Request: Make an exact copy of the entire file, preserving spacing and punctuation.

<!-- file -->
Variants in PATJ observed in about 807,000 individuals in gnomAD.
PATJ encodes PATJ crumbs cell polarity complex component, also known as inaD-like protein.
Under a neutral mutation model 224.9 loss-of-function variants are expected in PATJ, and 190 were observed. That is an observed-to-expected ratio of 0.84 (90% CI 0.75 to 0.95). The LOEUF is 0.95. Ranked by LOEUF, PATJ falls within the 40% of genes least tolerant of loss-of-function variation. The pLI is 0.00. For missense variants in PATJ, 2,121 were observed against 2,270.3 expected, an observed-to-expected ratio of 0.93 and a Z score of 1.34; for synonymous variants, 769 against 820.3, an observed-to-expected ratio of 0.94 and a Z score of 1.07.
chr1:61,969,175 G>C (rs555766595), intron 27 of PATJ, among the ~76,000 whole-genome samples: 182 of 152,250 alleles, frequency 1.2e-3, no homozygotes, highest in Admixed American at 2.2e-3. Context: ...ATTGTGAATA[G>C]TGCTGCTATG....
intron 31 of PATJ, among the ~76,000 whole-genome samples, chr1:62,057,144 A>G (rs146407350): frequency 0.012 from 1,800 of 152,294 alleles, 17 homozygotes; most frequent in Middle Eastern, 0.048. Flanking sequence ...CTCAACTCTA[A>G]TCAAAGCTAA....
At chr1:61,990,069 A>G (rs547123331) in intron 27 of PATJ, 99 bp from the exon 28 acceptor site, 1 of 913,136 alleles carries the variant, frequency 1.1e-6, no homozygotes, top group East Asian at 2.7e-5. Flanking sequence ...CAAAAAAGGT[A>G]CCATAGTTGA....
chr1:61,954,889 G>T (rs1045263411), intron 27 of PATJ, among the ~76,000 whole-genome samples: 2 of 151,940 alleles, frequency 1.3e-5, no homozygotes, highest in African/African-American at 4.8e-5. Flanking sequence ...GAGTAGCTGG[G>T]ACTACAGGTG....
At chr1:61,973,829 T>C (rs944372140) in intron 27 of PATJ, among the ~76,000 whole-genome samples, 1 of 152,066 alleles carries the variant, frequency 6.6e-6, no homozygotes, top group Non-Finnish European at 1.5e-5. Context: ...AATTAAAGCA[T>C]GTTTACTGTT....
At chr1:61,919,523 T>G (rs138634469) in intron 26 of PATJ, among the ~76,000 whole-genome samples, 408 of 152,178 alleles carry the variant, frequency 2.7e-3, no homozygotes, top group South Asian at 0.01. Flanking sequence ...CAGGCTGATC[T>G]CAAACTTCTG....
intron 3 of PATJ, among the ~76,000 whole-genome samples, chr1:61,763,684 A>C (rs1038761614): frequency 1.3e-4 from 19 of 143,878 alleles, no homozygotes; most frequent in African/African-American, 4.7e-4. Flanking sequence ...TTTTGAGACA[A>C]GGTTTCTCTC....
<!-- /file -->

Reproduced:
Variants in PATJ observed in about 807,000 individuals in gnomAD.
PATJ encodes PATJ crumbs cell polarity complex component, also known as inaD-like protein.
Under a neutral mutation model 224.9 loss-of-function variants are expected in PATJ, and 190 were observed. That is an observed-to-expected ratio of 0.84 (90% CI 0.75 to 0.95). The LOEUF is 0.95. Ranked by LOEUF, PATJ falls within the 40% of genes least tolerant of loss-of-function variation. The pLI is 0.00. For missense variants in PATJ, 2,121 were observed against 2,270.3 expected, an observed-to-expected ratio of 0.93 and a Z score of 1.34; for synonymous variants, 769 against 820.3, an observed-to-expected ratio of 0.94 and a Z score of 1.07.
chr1:61,969,175 G>C (rs555766595), intron 27 of PATJ, among the ~76,000 whole-genome samples: 182 of 152,250 alleles, frequency 1.2e-3, no homozygotes, highest in Admixed American at 2.2e-3. Context: ...ATTGTGAATA[G>C]TGCTGCTATG....
intron 31 of PATJ, among the ~76,000 whole-genome samples, chr1:62,057,144 A>G (rs146407350): frequency 0.012 from 1,800 of 152,294 alleles, 17 homozygotes; most frequent in Middle Eastern, 0.048. Flanking sequence ...CTCAACTCTA[A>G]TCAAAGCTAA....
At chr1:61,990,069 A>G (rs547123331) in intron 27 of PATJ, 99 bp from the exon 28 acceptor site, 1 of 913,136 alleles carries the variant, frequency 1.1e-6, no homozygotes, top group East Asian at 2.7e-5. Flanking sequence ...CAAAAAAGGT[A>G]CCATAGTTGA....
chr1:61,954,889 G>T (rs1045263411), intron 27 of PATJ, among the ~76,000 whole-genome samples: 2 of 151,940 alleles, frequency 1.3e-5, no homozygotes, highest in African/African-American at 4.8e-5. Flanking sequence ...GAGTAGCTGG[G>T]ACTACAGGTG....
At chr1:61,973,829 T>C (rs944372140) in intron 27 of PATJ, among the ~76,000 whole-genome samples, 1 of 152,066 alleles carries the variant, frequency 6.6e-6, no homozygotes, top group Non-Finnish European at 1.5e-5. Context: ...AATTAAAGCA[T>C]GTTTACTGTT....
At chr1:61,919,523 T>G (rs138634469) in intron 26 of PATJ, among the ~76,000 whole-genome samples, 408 of 152,178 alleles carry the variant, frequency 2.7e-3, no homozygotes, top group South Asian at 0.01. Flanking sequence ...CAGGCTGATC[T>G]CAAACTTCTG....
intron 3 of PATJ, among the ~76,000 whole-genome samples, chr1:61,763,684 A>C (rs1038761614): frequency 1.3e-4 from 19 of 143,878 alleles, no homozygotes; most frequent in African/African-American, 4.7e-4. Flanking sequence ...TTTTGAGACA[A>C]GGTTTCTCTC....